Samuel Griswold

Male 1649 - 1672  (22 years)


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  • Name Samuel Griswold 
    Born 18 Nov 1649  Windsor, Hartford, Connecticut, United States Find all individuals with events at this location 
    Gender Male 
    Died 6 Jul 1672  Windsor, Hartford, Connecticut, United States Find all individuals with events at this location 
    Person ID I2061  Petersen-de Lanskoy
    Last Modified 21 Jan 2014 

    Father Edward Griswold,   b. 26 Jul 1607, Wooten Wawen, Warwick, England Find all individuals with events at this location,   d. 1690/1691, Windsor, Hartford, Connecticut, United States Find all individuals with events at this location  (Age 83 years) 
    Mother Margaret,   b. Abt 1609,   d. 23 Aug 1670, Killingworth (now Clinton), Middlesex, Connecticut, United States Find all individuals with events at this location  (Age ~ 61 years) 
    Married Abt 1628  of Kenilworth, Warwick, England Find all individuals with events at this location 
    Family ID F1035  Group Sheet  |  Family Chart

  • Notes 
    • RESEARCH_NOTES:
      1. FHL book 929.242 G868f "The Greswold Family, 12 Generations in England," researched and edited by Robert L. and Esther G. French, comp. by Coralee Griswold [Wethersfeld, CT; 1999]. The authors standardize spelling as Greswold for England and Griswold for America. As of 2012, it appears that this book is the most current evolution of the Griswold ancestry and includes all previous research up to 1999 when it was published. (It also supersedes the author's own work in 1990 for the later English generations). See notes in this database of the original Griswold for a more detailed explanation of the various sources and a bibliography of previously published books that the authors include in this genealogical compilation.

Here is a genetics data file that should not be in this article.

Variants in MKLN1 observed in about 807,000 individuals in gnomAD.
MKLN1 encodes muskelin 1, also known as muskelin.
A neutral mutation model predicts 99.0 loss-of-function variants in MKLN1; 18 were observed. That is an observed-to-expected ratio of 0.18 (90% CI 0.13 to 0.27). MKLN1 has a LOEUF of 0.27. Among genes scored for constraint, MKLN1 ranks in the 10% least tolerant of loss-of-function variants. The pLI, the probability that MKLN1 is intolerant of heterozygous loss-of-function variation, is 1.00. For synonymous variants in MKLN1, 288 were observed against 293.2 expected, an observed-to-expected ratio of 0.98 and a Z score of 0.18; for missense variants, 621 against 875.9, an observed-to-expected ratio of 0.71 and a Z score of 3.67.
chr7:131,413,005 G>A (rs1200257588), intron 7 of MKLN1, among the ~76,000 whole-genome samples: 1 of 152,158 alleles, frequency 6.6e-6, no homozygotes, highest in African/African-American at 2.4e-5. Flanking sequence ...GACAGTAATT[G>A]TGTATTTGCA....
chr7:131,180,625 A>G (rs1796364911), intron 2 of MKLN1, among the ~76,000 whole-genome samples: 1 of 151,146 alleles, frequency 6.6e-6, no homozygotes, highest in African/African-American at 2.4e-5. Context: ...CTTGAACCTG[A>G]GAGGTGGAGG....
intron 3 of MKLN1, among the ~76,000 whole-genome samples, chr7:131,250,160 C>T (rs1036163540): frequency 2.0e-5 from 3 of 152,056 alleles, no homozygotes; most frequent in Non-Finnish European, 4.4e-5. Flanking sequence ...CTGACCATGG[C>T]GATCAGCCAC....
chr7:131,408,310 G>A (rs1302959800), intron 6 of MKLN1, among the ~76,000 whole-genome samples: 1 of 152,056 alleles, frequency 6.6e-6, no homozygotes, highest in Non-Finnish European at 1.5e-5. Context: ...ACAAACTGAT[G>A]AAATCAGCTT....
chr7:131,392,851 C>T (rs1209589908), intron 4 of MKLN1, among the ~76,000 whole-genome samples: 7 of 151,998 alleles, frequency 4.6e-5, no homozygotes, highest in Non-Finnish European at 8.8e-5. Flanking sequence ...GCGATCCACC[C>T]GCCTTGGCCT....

"Edward12 Griswold (George11, Roger10, John9, John8, John7, John6, John5, William4, Richard3, Ralph2, John1) was christened 26 Jul 1607 in Wooton Wawen, Warwickshire, England. In lieu of a will, Edward on Christmas Day, 1672, signed a conditional inheritance deed of his property to his son John, who was to pay certain legacies; but Edward did not die until 30 Aug 1691, in Killingworth, Middlesex, Connecticut, at the age of 84, and was buried in the Indian River Cemetery in Killingworth, Middlesex, Connecticut. He married (1) Margaret (___) about 1628 in England. ["New England Genealogy," Vol. 1, p.250, cites her surname as HICKS, but the Robert Hicks family was already in Plymouth as of 1621. Records indicate Margaret and Edward were married in England after this date.] She was born about 1609. Margaret died 23 Aug 1670 in Killingworth, Middlesex, Connecticut, and was buried in the cemetery behind the Congregational Church, in Killingworth (now Clinton), Middlesex, Connecticut. Her stone being the oldest marked, "M.G., 1670."